Even before COVID-19 touched off a global rethink of life in the big city, Raheema Brettingham’s husband, Larry, often mused about selling their home in Toronto’s west end and moving to Vancouver Island. As the lockdown measures tightened and the couple saw their world reduced to strolls around the neighbourhood, he began to press the idea more intently. Even so, the 59-year-old self-described “city girl” felt she wasn’t ready to leave Toronto. “I used to love hopping on the subway to go downtown and meet friends,” she says. “So, every time he talked to me about it, I said, ‘No, no, no.’”
Then in June, Larry, 67, sat down to pen an email to his wife detailing his case for ditching Hogtown. It wasn’t just that pandemic restrictions had robbed them of the urban lifestyle they both enjoyed, he wrote. COVID-19 offered a unique financial reset for the couple. In 2019, both were suddenly laid off within a month of each other – Larry from his job as a software engineer and Raheema from her position at a financial advisory firm – and the pandemic brought their job searches to a halt. While they could get by staying in Toronto, it might entail working for another decade or more. But if they sold and moved to Comox, B.C., where his sister lived, they could easily erase their $400,000 mortgage and have enough to retire right away and, once the pandemic ends, travel the world.
Shortly after reading Larry’s email, Raheema decided to take the leap and, within a month, their detached house was on the market. Purchased for $845,000 in 2011, it quickly sold for a little more than $1.8 million. Meanwhile they were able to snap up a more spacious house just minutes from the ocean for $785,000 in the town of Comox, population 15,000. “I was apprehensive at first, but we’re already settled, and I love this house,” says Raheema, who joined a local newcomers group that is full of other eastern city expats. “I never thought I could enjoy nature the way I do here, and the city is not shut down like Toronto. We made the perfect decision at the perfect time.”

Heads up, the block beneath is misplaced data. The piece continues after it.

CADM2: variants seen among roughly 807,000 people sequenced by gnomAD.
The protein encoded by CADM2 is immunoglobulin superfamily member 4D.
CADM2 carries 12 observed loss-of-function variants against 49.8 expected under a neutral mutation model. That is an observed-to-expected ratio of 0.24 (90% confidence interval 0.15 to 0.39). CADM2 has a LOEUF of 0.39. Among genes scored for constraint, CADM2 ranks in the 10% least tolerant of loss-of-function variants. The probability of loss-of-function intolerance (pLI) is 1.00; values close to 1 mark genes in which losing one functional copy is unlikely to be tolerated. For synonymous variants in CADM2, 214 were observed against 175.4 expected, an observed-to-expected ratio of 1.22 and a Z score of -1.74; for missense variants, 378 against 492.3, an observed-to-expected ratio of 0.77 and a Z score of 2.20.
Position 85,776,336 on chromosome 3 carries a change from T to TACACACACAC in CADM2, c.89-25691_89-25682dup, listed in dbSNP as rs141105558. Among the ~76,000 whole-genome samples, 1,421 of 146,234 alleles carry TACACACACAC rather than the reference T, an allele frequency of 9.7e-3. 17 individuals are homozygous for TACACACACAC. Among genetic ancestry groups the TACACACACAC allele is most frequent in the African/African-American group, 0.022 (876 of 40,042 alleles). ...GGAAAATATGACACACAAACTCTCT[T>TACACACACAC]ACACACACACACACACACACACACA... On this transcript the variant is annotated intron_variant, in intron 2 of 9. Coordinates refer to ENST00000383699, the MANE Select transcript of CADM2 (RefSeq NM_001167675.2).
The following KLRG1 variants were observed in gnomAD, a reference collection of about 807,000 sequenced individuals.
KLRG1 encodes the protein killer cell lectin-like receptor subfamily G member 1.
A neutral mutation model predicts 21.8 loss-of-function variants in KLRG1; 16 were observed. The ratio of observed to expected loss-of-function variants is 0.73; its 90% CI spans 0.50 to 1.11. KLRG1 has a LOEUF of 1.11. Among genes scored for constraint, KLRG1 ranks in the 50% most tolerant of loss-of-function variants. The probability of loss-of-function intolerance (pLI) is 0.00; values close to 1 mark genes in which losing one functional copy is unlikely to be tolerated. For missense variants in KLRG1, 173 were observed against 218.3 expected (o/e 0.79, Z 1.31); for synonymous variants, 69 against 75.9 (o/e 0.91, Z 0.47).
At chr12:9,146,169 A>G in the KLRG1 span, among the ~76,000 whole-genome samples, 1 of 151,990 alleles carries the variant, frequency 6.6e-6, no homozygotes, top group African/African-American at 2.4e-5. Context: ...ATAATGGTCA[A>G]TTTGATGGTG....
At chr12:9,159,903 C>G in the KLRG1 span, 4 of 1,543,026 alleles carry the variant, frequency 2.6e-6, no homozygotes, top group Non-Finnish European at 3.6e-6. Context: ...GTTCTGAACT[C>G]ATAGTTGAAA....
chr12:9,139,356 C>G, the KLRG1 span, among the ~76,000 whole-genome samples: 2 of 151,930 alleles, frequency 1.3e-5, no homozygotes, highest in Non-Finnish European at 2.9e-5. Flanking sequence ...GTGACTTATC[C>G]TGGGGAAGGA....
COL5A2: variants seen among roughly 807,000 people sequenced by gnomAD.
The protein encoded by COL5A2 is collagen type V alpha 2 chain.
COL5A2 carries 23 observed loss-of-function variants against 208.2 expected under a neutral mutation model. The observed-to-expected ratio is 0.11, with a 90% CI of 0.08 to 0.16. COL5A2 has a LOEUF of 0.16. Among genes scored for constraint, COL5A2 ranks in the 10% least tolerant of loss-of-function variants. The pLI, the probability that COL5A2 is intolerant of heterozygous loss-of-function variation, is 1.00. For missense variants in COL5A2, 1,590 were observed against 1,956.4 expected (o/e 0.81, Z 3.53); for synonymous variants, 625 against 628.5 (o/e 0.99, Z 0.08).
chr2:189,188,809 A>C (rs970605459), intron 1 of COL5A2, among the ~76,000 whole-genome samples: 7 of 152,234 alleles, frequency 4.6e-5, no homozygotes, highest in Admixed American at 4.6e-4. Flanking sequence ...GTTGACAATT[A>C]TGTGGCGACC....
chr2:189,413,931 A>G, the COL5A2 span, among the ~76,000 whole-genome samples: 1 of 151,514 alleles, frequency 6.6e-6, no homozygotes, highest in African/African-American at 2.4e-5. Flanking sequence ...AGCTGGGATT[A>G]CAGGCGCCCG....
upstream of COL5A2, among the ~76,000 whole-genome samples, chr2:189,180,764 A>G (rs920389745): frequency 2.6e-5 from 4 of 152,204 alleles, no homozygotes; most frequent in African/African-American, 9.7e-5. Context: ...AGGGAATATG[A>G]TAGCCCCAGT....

In late March, as COVID-19’s twin invasion of the world’s population and the global economy worsened, leaders from the G20, an informal group of 19 countries and the European Union, gathered – virtually, of course – to commit to a united front against the novel coronavirus.
Their pledge to do “whatever it takes” to overcome the crisis became the war cry of public health officials, finance ministers and central bankers. But trillions of dollars in emergency spending later, it’s still not clear that “whatever it takes” will be enough to pull the global economy out of its tailspin.
The viral outbreak and what some are calling the Great Lockdown meant to curb its spread have delivered an unprecedented shock to the economy and people’s savings. And it comes at a time when millions of Canadians are in their prime earning years ahead of retirement and many millions more retirees were trying to max out their investments.